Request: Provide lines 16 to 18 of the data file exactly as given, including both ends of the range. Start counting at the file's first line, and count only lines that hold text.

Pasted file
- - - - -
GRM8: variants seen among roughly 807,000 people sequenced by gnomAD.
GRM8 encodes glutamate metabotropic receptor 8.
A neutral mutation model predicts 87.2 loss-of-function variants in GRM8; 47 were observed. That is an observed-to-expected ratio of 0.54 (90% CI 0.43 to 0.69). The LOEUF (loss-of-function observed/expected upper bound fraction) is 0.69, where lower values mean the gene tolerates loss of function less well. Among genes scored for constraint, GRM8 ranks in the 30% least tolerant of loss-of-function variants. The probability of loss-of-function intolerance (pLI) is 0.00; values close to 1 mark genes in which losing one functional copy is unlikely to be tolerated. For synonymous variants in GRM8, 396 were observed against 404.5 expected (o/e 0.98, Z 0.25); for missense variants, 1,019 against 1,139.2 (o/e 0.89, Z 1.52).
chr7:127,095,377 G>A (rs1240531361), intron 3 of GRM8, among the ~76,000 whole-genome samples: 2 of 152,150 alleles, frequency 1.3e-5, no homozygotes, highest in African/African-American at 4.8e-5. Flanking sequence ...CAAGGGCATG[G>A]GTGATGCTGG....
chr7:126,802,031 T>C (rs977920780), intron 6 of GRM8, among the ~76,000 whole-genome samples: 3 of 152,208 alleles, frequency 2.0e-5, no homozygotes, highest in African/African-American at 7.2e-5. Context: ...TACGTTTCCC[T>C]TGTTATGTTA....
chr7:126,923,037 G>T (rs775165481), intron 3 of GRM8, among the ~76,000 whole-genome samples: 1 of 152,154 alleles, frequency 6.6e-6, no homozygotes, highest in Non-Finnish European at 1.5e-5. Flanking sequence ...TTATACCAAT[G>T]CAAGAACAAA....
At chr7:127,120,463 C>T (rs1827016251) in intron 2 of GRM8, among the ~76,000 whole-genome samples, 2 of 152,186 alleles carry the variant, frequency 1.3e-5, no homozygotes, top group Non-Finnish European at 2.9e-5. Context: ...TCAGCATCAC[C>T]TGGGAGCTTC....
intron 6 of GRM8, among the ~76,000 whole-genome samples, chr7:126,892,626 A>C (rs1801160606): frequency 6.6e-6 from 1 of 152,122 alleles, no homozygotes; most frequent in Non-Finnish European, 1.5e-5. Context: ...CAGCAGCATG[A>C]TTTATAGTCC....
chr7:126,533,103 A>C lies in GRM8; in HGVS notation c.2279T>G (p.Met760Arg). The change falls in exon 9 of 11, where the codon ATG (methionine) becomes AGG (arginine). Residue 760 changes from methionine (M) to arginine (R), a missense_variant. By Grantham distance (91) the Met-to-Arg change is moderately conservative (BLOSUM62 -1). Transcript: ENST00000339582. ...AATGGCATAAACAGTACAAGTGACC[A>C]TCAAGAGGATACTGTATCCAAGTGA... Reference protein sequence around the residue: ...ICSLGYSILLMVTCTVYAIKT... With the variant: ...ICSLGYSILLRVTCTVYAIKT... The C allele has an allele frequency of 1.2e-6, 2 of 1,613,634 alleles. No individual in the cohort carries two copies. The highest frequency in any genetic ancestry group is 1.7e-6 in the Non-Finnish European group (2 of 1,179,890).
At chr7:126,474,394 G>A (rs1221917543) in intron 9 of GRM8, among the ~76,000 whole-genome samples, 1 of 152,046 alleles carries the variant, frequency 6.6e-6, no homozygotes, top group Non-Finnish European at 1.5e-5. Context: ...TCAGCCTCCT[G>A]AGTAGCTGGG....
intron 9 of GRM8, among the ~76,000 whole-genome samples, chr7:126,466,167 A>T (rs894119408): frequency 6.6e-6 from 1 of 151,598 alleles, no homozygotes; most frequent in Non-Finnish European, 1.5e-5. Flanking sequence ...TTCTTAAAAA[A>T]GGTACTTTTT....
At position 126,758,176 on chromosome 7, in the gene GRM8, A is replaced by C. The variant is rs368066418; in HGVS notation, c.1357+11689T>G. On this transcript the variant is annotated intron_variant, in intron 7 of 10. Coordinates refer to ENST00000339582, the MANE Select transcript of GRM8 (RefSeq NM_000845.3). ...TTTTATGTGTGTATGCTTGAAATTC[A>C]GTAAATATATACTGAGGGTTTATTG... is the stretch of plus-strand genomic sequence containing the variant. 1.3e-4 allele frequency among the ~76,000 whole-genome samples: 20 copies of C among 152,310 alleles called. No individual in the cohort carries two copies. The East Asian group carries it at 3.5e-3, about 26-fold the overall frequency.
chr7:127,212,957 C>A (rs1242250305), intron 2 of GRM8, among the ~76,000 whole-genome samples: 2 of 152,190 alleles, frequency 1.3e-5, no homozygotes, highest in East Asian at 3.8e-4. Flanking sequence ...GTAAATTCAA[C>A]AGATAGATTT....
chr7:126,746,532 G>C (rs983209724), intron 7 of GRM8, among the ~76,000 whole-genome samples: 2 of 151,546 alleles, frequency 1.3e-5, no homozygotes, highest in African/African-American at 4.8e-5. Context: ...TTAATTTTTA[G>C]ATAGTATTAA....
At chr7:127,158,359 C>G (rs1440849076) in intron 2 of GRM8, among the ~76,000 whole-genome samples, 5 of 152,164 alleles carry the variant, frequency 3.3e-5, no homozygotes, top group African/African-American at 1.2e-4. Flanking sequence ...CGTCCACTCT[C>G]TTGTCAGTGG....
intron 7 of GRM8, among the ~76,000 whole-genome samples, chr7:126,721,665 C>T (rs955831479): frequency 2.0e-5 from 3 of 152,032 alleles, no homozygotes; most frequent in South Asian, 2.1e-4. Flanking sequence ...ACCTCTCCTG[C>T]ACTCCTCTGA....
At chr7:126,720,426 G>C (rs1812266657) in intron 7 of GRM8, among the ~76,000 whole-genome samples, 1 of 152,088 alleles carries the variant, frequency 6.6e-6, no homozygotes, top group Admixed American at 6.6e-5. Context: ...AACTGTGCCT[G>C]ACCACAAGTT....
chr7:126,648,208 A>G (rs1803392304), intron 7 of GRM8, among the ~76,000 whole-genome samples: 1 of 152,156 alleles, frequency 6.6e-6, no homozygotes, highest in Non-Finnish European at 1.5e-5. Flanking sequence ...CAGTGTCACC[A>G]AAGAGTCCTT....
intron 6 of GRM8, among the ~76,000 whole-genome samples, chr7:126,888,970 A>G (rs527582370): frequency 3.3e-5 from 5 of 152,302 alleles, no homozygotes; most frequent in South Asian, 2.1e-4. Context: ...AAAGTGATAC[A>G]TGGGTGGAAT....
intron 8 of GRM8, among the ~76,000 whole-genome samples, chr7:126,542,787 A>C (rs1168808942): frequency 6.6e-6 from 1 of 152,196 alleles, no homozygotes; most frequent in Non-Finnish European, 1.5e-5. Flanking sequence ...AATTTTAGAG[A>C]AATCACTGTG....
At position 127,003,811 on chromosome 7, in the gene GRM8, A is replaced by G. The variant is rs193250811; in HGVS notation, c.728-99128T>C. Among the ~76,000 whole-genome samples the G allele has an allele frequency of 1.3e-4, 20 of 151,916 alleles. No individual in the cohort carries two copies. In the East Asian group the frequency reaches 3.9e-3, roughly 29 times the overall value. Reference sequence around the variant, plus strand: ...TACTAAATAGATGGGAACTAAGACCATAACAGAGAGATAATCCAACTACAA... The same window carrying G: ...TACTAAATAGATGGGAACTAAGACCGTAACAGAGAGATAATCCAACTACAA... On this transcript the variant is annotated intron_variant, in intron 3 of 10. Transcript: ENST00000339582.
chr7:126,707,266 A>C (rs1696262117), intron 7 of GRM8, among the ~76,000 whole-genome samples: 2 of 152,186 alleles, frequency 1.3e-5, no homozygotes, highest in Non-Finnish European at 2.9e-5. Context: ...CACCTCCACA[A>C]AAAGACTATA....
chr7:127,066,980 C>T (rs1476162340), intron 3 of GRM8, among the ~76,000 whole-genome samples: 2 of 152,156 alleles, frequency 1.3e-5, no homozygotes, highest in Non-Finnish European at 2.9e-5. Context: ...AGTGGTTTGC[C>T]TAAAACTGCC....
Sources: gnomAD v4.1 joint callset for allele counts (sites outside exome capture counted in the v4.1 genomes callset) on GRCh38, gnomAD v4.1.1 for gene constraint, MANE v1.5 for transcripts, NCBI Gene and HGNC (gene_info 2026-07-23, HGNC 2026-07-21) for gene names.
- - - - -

intron 7 of GRM8, among the ~76,000 whole-genome samples, chr7:126,721,665 C>T (rs955831479): frequency 2.0e-5 from 3 of 152,032 alleles, no homozygotes; most frequent in South Asian, 2.1e-4. Flanking sequence ...ACCTCTCCTG[C>T]ACTCCTCTGA....
At chr7:126,720,426 G>C (rs1812266657) in intron 7 of GRM8, among the ~76,000 whole-genome samples, 1 of 152,088 alleles carries the variant, frequency 6.6e-6, no homozygotes, top group Admixed American at 6.6e-5. Context: ...AACTGTGCCT[G>C]ACCACAAGTT....
chr7:126,648,208 A>G (rs1803392304), intron 7 of GRM8, among the ~76,000 whole-genome samples: 1 of 152,156 alleles, frequency 6.6e-6, no homozygotes, highest in Non-Finnish European at 1.5e-5. Flanking sequence ...CAGTGTCACC[A>G]AAGAGTCCTT....